Services // Early Intervention & Community Based Development
Early Intervention & Community Based Development
CSF "Shishu Shorgo" (Children's Heaven) Early Intervention and Rehabilitation Centre
A number of therapy centres are operated in rural communities of Bangladesh by CSF Global. Currently four (04) Shishu Shorgo (Children’s Heaven) Early Intervention and Rehabilitation Centres are operational at Khanzandear, Jamirta and Sreefoltola, in Shahjadpur, Sirajganj, Bangladesh. These rehabilitation centres are staffed by personnel trained in therapy and rehabilitation of children with disabilities. The facility staff includes physiotherapists and community therapists who have received specialized training in disability programs and services and have also been oriented towards providing research support as required. The disability centres named “Shishu Shorgo” (a Bengali name that translates to Children’s Heaven in English) Early Intervention and Rehabilitation Centres are central in the BCPR (Bangladesh Cerebral Palsy Register) research. A motivated and trained Field Project Coordinator is responsible for coordinating between the various fixed field sites in an area as well as providing coordination during medical camps, research surveys, etc. through mobilization of resources and activation of linkages. Field project coordinators are also trained to carry out interviews.
Children with disabilities following identification by Key Informants (KIs) through use of the novel approach of Key Informant Methodology (KIM) are diagnosed by medical experts and referred accordingly for treatment and/or rehabilitation. Those in need of rehabilitation and therapy are recommended to enroll into Shishu Shorgo or other such similar service providing centres. Children with disabilities along with their caregivers (parents, grandparents, or other relations) can enroll for rehabilitation care and therapy services at Shishu Shorgo centres. Each Shishu Shorgo centre serves a number of nearby unions (administrative unit comprised of several villages and the surrounding areas). The main program offered at the centres is a Transition Program, alongside offered are Saturday Clinic services.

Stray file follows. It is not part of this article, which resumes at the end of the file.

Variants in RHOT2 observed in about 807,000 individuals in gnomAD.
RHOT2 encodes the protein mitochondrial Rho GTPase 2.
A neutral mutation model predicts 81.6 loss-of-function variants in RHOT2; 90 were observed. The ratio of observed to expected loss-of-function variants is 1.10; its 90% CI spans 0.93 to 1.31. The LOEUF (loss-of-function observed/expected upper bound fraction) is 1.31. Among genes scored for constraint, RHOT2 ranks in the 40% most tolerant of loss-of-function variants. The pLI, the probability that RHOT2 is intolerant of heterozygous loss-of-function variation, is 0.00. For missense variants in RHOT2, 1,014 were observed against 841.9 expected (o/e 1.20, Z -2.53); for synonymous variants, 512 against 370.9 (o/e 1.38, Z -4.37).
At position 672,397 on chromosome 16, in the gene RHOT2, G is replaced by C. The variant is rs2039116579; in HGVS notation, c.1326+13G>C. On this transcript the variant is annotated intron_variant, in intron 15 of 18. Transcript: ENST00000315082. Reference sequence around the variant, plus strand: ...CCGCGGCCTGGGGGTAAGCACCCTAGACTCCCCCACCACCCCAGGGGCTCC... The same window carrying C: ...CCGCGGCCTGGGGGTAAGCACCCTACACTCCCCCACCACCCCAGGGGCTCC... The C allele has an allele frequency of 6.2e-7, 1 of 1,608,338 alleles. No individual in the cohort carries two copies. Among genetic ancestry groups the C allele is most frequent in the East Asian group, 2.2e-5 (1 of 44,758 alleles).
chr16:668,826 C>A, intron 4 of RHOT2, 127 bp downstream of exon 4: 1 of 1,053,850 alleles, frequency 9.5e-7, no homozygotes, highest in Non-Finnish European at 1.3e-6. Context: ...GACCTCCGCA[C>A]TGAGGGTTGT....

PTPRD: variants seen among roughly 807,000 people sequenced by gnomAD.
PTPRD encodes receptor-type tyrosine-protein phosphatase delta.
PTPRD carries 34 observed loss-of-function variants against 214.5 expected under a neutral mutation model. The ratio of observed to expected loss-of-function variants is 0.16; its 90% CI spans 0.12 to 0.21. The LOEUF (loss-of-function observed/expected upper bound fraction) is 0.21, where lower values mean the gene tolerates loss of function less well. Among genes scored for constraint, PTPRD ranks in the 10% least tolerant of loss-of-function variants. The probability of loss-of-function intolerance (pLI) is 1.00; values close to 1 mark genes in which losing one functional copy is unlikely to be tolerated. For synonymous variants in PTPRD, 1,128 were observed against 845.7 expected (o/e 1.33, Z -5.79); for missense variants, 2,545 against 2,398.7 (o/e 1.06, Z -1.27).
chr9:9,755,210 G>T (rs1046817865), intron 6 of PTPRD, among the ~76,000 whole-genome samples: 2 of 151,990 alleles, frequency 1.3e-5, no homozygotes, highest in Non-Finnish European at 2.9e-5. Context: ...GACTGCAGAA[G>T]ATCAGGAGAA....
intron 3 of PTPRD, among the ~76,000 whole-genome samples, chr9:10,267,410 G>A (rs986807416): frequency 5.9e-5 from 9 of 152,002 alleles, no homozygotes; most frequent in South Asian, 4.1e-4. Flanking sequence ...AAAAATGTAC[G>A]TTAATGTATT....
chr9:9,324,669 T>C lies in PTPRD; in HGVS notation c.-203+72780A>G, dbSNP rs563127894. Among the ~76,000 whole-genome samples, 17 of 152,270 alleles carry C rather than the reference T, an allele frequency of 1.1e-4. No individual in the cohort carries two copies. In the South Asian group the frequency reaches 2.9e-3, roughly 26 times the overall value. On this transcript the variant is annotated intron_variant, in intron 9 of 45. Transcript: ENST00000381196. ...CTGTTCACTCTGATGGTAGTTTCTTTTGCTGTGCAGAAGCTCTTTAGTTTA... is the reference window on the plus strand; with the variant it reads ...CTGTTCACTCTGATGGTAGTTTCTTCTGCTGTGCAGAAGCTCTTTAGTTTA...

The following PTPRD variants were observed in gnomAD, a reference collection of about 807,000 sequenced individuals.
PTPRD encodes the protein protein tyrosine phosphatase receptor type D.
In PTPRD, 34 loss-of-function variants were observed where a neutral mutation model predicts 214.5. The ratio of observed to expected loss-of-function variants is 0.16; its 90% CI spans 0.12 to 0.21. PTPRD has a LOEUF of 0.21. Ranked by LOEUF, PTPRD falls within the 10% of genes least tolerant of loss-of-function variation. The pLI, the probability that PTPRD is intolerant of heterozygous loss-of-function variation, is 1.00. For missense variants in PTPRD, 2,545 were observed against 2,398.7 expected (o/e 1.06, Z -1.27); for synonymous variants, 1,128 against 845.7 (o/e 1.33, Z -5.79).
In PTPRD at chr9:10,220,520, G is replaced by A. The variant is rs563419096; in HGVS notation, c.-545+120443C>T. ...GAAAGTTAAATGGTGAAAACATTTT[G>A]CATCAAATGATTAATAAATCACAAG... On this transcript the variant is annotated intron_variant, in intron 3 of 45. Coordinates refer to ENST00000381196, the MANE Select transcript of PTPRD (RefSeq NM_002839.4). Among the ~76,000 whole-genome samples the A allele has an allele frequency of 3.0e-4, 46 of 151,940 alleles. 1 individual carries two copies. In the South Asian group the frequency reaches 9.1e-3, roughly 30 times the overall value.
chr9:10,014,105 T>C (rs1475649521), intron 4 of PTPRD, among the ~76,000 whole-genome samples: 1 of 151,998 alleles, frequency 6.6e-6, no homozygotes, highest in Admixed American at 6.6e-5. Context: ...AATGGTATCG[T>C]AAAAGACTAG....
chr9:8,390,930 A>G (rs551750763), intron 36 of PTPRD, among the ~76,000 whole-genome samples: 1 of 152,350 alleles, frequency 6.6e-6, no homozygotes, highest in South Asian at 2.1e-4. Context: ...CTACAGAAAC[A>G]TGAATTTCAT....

In the Transition Program, daily activities involving the children with CP (cerebral palsy) and their caregivers take place 5 days a week, in two shifts, morning and afternoon. The entire program lasts 6 months, after which is a 1 month follow-up period. Per year there are two intakes or batches, each consisting of around 20 children. The major program components are group therapy, individual physiotherapy, and parent support and education program. The goal of the Transition Program is to increase the child’s participation in their family, school and community. Group therapy is an intensive component of the program that focuses on assisting the child for building the skills associated with activities of daily life (toilet training, dressing, eating), functional mobility, play, communication, school-readiness, and productivity. The child attends the session with at least one primary caregiver, allowing both of them to develop skills. Individual physiotherapy is given to the children with CP who have special needs. The service includes balancing, stretching, transitional movement, gross motor functional training, fine motor training, and gait training. This therapy program helps the children to improve their body movement.